Graduation Semester and Year




Document Type


Degree Name

Doctor of Philosophy in Civil Engineering


Civil Engineering

First Advisor

Sharareh Kermanshachi


ABSTRACT: The ever-increasing concern over climate change is compelling global economies to employ alternative fuel technology to combat the vehicular emissions of greenhouse gases. Electric vehicles (EVs) offer a viable environmentally friendly alternative that has the potential to facilitate an effective shift towards a sustainable transportation system with low emissions while preserving the environment. However, well-intentioned policies and other incentives have not been able to transcend the factors that prevent their adoption. Therefore, this research aims to develop three models to determine the factors affecting consumers’ willingness to adopt EVs. A questionnaire survey was designed based on an extensive literature search to accomplish the study's aim. The survey was administered to a population of 10,000 students, faculty, and staff who held active parking permits at the University of Texas at Arlington (UTA). The survey was electronically disseminated through an online platform QuestionPro, and after two rounds of reminder emails, 743 valid and complete responses were received. Based on the collected survey data, the first model identified the technological, infrastructure, financial, and environmental factors influencing the consumers' intention to adopt EVs. Model 1 results indicated that of the four categories of barriers, only the environmental barriers are not significant. The second model examined the consolidative framework of personality beliefs- the intention to understand consumers’ intention to adopt EVs. The model revealed that perceived ease of use, personal innovativeness, and perceived usefulness positively impact consumers’ intention to adopt EVs, while perceived risk harms the perceived usefulness and adoption intention of EVs. Additionally, consumers’ personal innovativeness positively influences perceived ease of use and perceived usefulness and negatively influences perceived risk. Furthermore, the findings also reveal that perceived ease of use, usefulness, and risk partly mediate the influence of personal innovativeness on the EV adoption intention. The third model utilized the theory of planned behavior (TPB), and incorporated additional factors such as price value, moral norms, and financial incentives to examine consumers’ intention to adopt EVs. The results reveal that attitude, subjective norms, perceived behavior control, moral norms, and price value significantly affect consumers’ intentions to adopt EVs. Nevertheless, the findings indicate that providing financial incentives does not statistically impact consumers’ adoption intention. The outcomes of this study may aid policymakers in developing effective transportation and energy policies and guide those responsible for designing EVs that fit the needs and demands of potential consumers.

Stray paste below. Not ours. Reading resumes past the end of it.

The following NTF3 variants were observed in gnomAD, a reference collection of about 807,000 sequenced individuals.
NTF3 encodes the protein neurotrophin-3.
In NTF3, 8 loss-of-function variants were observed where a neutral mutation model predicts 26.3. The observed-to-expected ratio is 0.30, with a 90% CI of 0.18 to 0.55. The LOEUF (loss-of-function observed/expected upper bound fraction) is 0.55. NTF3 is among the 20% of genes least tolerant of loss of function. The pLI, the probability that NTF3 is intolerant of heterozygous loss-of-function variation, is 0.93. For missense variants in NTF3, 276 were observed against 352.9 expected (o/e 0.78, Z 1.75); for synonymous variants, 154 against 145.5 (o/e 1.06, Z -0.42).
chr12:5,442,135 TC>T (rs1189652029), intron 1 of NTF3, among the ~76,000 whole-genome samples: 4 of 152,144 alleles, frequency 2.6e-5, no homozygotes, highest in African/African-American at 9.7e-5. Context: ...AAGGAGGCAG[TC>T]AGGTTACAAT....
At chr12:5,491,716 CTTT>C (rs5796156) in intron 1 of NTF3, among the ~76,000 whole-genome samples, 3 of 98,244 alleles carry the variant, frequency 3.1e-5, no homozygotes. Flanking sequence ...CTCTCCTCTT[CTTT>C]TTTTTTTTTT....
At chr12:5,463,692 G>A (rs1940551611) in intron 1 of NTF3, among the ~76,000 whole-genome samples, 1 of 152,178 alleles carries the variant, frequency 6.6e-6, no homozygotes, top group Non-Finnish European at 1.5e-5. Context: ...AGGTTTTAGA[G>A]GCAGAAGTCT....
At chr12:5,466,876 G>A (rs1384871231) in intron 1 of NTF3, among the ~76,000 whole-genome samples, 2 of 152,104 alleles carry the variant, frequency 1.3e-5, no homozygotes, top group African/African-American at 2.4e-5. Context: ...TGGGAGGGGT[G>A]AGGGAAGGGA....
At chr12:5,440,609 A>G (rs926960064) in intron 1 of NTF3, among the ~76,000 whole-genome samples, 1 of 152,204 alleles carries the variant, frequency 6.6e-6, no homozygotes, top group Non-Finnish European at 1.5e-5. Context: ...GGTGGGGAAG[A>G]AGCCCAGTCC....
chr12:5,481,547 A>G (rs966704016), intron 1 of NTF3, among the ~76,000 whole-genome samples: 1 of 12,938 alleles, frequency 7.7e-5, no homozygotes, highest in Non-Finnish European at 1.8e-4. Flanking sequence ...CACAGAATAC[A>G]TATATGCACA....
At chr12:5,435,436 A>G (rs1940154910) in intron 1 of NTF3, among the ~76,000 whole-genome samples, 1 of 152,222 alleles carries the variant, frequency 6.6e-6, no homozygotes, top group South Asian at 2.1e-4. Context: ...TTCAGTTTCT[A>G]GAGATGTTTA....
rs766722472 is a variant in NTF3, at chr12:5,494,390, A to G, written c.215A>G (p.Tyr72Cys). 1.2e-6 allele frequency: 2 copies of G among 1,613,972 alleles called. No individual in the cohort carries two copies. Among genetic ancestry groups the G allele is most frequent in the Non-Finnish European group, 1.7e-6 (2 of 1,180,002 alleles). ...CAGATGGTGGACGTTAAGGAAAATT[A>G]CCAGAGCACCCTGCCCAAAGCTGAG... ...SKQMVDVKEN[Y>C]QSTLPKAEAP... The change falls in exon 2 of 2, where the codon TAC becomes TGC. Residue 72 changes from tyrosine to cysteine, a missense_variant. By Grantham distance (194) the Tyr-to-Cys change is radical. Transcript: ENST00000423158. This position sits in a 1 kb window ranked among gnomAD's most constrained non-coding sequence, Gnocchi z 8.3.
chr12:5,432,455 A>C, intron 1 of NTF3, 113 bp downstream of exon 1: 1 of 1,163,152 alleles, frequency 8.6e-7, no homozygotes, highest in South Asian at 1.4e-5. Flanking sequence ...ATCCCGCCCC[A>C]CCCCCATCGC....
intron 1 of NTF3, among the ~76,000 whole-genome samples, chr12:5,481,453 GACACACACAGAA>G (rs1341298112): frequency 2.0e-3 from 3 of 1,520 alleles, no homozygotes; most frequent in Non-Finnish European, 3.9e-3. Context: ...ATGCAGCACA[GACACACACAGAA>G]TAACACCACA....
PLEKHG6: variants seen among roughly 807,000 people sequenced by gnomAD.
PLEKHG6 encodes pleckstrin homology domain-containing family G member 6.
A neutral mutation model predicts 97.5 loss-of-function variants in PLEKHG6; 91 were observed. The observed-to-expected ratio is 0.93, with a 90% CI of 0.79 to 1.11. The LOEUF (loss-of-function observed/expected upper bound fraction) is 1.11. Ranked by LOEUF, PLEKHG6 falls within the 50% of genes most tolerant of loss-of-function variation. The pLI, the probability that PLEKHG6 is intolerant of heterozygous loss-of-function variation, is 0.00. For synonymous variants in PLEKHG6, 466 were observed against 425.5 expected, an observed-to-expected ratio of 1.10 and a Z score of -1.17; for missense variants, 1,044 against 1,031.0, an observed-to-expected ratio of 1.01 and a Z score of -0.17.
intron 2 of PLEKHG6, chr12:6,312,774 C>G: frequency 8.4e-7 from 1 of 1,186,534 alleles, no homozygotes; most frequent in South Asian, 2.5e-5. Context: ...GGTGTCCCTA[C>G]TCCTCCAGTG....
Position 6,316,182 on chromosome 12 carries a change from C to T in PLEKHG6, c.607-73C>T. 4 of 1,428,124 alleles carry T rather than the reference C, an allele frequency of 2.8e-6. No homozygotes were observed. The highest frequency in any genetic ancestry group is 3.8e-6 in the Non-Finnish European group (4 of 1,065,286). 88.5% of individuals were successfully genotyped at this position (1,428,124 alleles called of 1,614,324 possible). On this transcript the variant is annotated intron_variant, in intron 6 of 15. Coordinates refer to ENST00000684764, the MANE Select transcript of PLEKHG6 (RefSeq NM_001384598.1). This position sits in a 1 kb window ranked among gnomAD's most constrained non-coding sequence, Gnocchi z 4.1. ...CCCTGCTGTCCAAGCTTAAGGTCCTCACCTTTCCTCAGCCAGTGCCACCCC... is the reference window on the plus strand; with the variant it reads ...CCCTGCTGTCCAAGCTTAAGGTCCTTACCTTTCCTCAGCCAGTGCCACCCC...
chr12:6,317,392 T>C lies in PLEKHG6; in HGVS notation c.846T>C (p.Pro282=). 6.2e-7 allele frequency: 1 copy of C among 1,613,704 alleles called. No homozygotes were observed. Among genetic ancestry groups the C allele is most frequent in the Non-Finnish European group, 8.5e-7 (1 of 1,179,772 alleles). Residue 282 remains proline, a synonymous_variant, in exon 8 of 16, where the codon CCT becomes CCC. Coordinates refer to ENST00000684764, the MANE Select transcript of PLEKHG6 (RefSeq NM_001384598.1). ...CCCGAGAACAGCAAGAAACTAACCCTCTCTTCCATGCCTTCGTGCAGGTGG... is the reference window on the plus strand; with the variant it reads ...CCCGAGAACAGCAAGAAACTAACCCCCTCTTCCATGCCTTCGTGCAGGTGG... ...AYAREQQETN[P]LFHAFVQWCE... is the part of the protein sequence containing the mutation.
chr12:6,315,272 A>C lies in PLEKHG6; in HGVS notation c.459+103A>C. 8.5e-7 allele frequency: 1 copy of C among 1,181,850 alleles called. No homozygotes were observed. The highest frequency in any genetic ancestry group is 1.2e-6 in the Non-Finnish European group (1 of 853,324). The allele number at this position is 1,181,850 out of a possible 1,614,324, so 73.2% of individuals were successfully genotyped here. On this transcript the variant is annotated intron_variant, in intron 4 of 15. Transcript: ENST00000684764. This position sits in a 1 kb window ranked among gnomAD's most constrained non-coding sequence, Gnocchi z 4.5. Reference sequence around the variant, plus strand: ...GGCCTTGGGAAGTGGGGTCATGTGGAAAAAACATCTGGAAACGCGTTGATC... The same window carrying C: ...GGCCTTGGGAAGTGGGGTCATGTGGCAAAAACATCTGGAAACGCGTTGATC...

Electric vehicles, Consumers, Adoption intention, Cluster analysis, Theory of Planned Behavior, Technology Acceptance Model


Civil and Environmental Engineering | Civil Engineering | Engineering


Degree granted by The University of Texas at Arlington

Available for download on Thursday, August 01, 2024